Research suggests that NEPI co-exists because of regulations as they need a rigid structure for exerting an effect on the countries (Hoberg, 2001).Another puzzling finding of the research suggests that Green Parties and the Social Democrats have actually tried to adopt more market oriented instruments than the Liberals, Conservatives/Christian and Democratic parties when in government. The traditional wisdom suggests that the center right government does support the use of the market forces. This finding therefore reveals that their oratorical commitment has not been followed by the important changes in the policy instruments (Jänicke & Jörgens, 2000).Many British companies showed interest in taking part in the Britain’s national tradable permit scheme that was launched in the year 2002. However the companies do show preferences for the non-regulatory tools and the voluntary agreements. The environmental groups are seen preferring the traditional regulation and the eco-taxes, whereas the industrialist-environmentalist divide is becoming a bit less distinct (Jörgens, 2001).Focusing on each of the instruments, there is evidence that EU has stimulated the placement of eco-tax as their national agenda. Thus in all the member countries elements of the “double dividend” discussion factored into the late 1900’s, although it was quite implicated and limited in some of the cases e. in the case of UK. However the overall development of NEPI in the member states and on the level of EU suggests that most of the learning was internal to the member states (OECD, 2001).UK is considered to be one of the countries that are seen exploring this option. On the other hand one must also be aware of the fact that EU may also impose negative impact on the design of instruments and on member state selection. When Australia joined the EU it abandoned its natural fertilizer tax because of fears that it might get judged by the European court of Justice for constituting a barrier in the trade occurring in the internal market.The findings suggest that the adoption of new and innovative policies is more likely if the policies are figure prominently on the global environmental agenda. The societal and political linkage between the nation states and the actors present across and within the state offer channel for diffusion enabling the transfer of innovation idea, perception and policies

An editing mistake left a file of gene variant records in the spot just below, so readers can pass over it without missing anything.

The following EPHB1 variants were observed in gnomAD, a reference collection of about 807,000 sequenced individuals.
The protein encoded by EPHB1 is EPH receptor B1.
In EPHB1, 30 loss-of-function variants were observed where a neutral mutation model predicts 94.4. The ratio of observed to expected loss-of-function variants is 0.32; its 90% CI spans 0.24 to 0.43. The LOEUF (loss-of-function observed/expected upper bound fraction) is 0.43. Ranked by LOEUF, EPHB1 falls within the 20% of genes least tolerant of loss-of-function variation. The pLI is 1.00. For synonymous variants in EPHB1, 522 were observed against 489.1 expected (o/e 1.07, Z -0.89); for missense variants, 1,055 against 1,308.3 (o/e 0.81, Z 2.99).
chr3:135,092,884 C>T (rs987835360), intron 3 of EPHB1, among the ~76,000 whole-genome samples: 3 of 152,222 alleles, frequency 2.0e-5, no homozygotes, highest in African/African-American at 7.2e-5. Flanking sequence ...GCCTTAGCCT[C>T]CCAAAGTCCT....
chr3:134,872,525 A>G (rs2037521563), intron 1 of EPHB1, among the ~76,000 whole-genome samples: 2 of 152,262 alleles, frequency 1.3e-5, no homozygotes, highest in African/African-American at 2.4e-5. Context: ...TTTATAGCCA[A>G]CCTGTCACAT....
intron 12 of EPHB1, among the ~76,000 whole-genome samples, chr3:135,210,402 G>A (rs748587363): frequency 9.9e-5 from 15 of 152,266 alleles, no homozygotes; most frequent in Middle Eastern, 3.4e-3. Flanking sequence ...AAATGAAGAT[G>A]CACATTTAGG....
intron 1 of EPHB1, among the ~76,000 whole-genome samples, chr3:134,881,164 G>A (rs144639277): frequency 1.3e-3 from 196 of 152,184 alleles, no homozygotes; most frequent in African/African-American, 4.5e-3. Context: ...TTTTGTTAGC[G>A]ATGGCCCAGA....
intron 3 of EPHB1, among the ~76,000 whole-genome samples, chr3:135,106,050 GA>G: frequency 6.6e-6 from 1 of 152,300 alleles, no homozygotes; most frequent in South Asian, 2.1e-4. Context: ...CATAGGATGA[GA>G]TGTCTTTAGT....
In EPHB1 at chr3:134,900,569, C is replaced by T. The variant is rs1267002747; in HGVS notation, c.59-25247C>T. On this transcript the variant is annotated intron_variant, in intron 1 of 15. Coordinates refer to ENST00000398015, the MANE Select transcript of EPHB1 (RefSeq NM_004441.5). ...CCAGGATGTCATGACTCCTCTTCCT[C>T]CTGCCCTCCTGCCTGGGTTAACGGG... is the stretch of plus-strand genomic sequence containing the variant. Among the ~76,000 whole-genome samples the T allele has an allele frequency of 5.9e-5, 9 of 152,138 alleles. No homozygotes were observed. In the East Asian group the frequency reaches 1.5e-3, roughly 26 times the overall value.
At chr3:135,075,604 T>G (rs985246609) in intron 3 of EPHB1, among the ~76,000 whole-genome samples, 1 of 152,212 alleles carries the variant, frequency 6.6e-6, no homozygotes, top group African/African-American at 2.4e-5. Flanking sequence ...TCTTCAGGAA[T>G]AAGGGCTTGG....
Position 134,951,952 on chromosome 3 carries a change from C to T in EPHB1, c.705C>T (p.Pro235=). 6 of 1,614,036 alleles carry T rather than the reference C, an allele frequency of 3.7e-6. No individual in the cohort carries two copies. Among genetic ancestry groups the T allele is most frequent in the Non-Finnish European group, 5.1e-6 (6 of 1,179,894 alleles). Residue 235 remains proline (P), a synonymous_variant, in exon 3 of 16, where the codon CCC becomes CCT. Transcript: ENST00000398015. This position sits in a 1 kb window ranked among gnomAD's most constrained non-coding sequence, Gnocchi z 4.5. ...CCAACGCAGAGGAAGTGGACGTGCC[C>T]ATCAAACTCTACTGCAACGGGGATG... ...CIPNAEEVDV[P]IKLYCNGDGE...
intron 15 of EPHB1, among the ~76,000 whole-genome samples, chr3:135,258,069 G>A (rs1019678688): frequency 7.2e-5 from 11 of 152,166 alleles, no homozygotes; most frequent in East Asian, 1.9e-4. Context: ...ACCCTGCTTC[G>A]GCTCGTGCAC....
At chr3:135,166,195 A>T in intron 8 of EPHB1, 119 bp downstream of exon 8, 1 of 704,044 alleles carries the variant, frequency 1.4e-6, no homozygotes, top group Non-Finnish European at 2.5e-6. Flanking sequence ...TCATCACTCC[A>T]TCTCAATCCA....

Botcheva, L. & Martin, L., 2001. Institutional effects on state behavior: Convergence and Diver-gence. International Studies Quarterly, Volume 45, pp. 1-26.
Dolowitz & Marsh, 2001. Learning form Abroad: The Role of Policy Transfer in Contemporary Pol-icy Making. Governance, 13(1), pp. 5-24.
Drezner, D. W., 2001. Globalization and Policy Convergence. International Studies Review, Volume 3, pp. 53-78.
EEA, 2000. Environmental Taxes: recent developments in tools for integration. Environmental Issue Se-ries No. 18. Copenhagen: s.n.
Hoberg, G., 2001. Globalization and Policy Convergence: Symposium Overview. Journal of Comparative Policy Analysis: Research and Practice, pp. 127-132.
Jänicke, A. & Jörgens, H., 2000. Strategic Environmental Planning and Uncertainty: A Cross-National Comparison of Green Plans in Industrialised Countries. Policy Studies Journal, 28(3), pp. 612-632.
Jordan, A., 2001. ‘New’ Environmental Policy Instruments in the UK: Policy Innovation or ‘Muddling Through’? Paper prepared for the ECPR Joint Session of Workshops. s.l.:s.n.
Jörgens, A., 2001. The Diffusion of Environmental Policy Innovations. Findings From an International Workshop, Environmental Politics, 10(2), pp. 122-127.
Knill & Lenschow, 2000. Implementing EU environmental policy. New directions and old problems. Manchester and New York: s.n.
OECD, 2001. Environmentally Related Taxes in OECD Countries. Issues and Strategies. Paris: s.n.
Please type your essay title, choose your document type, enter your email and we send you essay samples